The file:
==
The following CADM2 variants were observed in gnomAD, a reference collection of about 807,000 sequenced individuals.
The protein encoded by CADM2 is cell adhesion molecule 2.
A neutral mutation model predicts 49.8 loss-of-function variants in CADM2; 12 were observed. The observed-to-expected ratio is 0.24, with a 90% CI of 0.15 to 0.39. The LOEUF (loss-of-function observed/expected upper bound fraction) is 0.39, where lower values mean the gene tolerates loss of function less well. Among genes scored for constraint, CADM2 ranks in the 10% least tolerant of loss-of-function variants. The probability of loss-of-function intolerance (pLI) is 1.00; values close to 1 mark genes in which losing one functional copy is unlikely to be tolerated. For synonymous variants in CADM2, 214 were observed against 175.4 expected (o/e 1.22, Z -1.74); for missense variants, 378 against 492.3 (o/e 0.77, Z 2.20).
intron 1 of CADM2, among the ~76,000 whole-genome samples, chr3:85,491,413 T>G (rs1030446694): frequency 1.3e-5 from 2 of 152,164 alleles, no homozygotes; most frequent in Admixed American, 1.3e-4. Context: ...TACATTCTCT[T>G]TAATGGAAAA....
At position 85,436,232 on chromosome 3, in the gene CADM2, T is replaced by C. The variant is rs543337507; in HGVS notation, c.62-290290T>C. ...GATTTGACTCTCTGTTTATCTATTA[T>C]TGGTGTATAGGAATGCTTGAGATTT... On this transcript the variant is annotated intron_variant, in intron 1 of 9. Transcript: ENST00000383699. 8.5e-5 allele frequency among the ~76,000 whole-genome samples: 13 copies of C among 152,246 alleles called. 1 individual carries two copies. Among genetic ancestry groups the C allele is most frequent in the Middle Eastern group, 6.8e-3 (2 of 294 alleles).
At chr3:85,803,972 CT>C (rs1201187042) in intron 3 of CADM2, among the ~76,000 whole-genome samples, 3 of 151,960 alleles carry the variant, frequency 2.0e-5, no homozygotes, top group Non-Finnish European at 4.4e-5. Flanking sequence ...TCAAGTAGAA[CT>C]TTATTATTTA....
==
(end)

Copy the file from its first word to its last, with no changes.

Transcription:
The following CADM2 variants were observed in gnomAD, a reference collection of about 807,000 sequenced individuals.
The protein encoded by CADM2 is cell adhesion molecule 2.
A neutral mutation model predicts 49.8 loss-of-function variants in CADM2; 12 were observed. The observed-to-expected ratio is 0.24, with a 90% CI of 0.15 to 0.39. The LOEUF (loss-of-function observed/expected upper bound fraction) is 0.39, where lower values mean the gene tolerates loss of function less well. Among genes scored for constraint, CADM2 ranks in the 10% least tolerant of loss-of-function variants. The probability of loss-of-function intolerance (pLI) is 1.00; values close to 1 mark genes in which losing one functional copy is unlikely to be tolerated. For synonymous variants in CADM2, 214 were observed against 175.4 expected (o/e 1.22, Z -1.74); for missense variants, 378 against 492.3 (o/e 0.77, Z 2.20).
intron 1 of CADM2, among the ~76,000 whole-genome samples, chr3:85,491,413 T>G (rs1030446694): frequency 1.3e-5 from 2 of 152,164 alleles, no homozygotes; most frequent in Admixed American, 1.3e-4. Context: ...TACATTCTCT[T>G]TAATGGAAAA....
At position 85,436,232 on chromosome 3, in the gene CADM2, T is replaced by C. The variant is rs543337507; in HGVS notation, c.62-290290T>C. ...GATTTGACTCTCTGTTTATCTATTA[T>C]TGGTGTATAGGAATGCTTGAGATTT... On this transcript the variant is annotated intron_variant, in intron 1 of 9. Transcript: ENST00000383699. 8.5e-5 allele frequency among the ~76,000 whole-genome samples: 13 copies of C among 152,246 alleles called. 1 individual carries two copies. Among genetic ancestry groups the C allele is most frequent in the Middle Eastern group, 6.8e-3 (2 of 294 alleles).
At chr3:85,803,972 CT>C (rs1201187042) in intron 3 of CADM2, among the ~76,000 whole-genome samples, 3 of 151,960 alleles carry the variant, frequency 2.0e-5, no homozygotes, top group Non-Finnish European at 4.4e-5. Flanking sequence ...TCAAGTAGAA[CT>C]TTATTATTTA....